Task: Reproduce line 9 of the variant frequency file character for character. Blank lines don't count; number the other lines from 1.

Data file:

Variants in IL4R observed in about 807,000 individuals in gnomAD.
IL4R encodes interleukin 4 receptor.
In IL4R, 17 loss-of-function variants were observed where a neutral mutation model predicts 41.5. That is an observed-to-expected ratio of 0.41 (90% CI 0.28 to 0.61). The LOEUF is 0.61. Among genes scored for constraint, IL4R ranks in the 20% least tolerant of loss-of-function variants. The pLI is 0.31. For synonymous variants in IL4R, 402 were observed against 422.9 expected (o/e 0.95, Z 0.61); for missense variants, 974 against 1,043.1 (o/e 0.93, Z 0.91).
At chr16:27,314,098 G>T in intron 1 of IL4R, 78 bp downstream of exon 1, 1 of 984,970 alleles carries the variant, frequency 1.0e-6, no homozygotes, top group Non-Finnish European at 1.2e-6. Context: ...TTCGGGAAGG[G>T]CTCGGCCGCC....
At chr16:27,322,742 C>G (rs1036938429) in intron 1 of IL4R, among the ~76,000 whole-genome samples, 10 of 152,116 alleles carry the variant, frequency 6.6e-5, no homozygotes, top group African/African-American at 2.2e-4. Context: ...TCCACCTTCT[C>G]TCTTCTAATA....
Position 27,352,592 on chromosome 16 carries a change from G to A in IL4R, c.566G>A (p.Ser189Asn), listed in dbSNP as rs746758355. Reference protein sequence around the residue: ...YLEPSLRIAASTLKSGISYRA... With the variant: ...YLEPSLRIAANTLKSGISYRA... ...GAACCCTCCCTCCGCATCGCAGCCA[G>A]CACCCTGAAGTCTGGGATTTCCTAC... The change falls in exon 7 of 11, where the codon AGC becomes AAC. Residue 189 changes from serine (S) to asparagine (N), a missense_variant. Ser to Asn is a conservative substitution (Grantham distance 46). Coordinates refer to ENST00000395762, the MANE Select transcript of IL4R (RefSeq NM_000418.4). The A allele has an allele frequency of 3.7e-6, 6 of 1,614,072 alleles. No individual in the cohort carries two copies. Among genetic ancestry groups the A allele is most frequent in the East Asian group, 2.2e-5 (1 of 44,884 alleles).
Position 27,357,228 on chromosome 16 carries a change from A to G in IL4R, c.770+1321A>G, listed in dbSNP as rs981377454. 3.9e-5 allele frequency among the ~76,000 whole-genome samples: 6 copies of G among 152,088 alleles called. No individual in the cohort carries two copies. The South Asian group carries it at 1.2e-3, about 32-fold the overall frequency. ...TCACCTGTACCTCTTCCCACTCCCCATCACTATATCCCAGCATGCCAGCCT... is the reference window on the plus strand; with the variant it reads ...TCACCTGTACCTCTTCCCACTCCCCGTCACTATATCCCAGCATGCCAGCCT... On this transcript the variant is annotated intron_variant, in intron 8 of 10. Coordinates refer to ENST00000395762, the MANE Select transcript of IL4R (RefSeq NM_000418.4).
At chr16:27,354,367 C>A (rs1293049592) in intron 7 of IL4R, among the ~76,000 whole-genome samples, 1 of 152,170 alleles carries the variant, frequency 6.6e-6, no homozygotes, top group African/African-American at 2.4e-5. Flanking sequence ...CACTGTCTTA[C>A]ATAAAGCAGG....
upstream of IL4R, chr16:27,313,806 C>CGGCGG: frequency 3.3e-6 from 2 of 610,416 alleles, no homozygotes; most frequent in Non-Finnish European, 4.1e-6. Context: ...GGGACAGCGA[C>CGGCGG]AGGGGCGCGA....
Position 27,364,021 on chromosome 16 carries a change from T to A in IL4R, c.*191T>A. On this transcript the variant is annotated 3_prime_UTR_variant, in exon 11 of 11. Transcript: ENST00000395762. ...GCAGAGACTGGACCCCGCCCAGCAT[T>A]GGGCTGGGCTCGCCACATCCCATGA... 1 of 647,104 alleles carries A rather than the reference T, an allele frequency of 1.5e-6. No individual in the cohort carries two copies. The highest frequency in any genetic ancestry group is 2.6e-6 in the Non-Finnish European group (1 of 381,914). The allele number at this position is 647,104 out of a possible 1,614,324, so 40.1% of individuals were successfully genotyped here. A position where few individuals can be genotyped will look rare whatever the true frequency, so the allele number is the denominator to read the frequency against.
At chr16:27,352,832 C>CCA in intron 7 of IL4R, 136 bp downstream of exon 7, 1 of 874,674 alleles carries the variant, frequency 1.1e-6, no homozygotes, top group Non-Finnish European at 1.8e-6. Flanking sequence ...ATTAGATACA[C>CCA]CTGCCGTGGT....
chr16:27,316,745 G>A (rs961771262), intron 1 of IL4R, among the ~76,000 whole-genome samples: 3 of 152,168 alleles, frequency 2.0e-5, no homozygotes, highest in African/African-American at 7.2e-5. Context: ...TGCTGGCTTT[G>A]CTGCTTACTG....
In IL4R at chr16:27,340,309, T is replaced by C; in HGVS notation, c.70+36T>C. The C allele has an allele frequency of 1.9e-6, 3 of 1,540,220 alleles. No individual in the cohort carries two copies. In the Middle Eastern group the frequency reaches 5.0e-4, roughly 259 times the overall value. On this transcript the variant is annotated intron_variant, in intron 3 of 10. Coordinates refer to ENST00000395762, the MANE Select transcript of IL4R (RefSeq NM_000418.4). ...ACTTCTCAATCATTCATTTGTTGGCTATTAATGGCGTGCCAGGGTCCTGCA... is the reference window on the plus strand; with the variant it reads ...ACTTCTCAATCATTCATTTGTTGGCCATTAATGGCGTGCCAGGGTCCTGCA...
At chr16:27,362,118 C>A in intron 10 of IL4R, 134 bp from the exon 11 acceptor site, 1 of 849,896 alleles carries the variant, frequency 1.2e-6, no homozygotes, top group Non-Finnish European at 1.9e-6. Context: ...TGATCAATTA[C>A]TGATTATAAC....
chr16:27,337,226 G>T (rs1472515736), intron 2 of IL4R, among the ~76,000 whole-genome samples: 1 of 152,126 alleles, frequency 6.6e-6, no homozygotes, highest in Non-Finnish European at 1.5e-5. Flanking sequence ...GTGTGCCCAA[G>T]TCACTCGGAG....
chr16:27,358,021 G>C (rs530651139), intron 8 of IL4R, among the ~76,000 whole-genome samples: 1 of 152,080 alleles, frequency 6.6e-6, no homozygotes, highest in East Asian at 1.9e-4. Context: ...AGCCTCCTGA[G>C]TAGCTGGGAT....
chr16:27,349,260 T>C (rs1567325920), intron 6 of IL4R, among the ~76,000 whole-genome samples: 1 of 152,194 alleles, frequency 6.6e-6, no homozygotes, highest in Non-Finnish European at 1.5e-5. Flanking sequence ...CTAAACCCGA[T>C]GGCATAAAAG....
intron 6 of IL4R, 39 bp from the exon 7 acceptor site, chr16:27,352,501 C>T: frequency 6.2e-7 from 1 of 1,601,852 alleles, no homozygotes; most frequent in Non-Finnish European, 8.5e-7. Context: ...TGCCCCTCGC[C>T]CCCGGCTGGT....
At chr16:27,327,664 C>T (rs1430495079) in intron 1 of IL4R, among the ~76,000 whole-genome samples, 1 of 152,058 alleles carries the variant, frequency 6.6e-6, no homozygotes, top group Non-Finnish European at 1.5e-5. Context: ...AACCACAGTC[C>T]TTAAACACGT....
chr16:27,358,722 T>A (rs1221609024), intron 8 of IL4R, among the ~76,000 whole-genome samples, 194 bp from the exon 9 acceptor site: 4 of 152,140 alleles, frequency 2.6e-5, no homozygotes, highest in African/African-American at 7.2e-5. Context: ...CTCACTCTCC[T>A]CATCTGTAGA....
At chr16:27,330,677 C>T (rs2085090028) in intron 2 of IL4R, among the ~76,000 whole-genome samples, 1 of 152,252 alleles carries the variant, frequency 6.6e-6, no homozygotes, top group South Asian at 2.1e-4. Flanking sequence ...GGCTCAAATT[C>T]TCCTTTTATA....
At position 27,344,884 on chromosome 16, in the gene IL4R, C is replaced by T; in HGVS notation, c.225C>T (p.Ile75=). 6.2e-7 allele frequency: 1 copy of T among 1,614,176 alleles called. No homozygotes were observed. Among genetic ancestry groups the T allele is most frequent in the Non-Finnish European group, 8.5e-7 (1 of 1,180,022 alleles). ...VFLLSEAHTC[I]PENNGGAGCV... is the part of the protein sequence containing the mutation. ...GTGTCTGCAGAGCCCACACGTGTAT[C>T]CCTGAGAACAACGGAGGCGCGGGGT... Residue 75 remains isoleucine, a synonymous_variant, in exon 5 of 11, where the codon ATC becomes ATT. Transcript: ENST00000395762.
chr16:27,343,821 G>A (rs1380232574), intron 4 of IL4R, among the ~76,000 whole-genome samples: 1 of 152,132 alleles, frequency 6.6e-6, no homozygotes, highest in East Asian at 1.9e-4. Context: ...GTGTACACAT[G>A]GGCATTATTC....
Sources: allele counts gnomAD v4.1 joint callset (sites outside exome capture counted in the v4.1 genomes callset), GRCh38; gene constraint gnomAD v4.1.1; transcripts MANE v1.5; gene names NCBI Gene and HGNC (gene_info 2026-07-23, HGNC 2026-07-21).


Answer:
upstream of IL4R, chr16:27,313,806 C>CGGCGG: frequency 3.3e-6 from 2 of 610,416 alleles, no homozygotes; most frequent in Non-Finnish European, 4.1e-6. Context: ...GGGACAGCGA[C>CGGCGG]AGGGGCGCGA....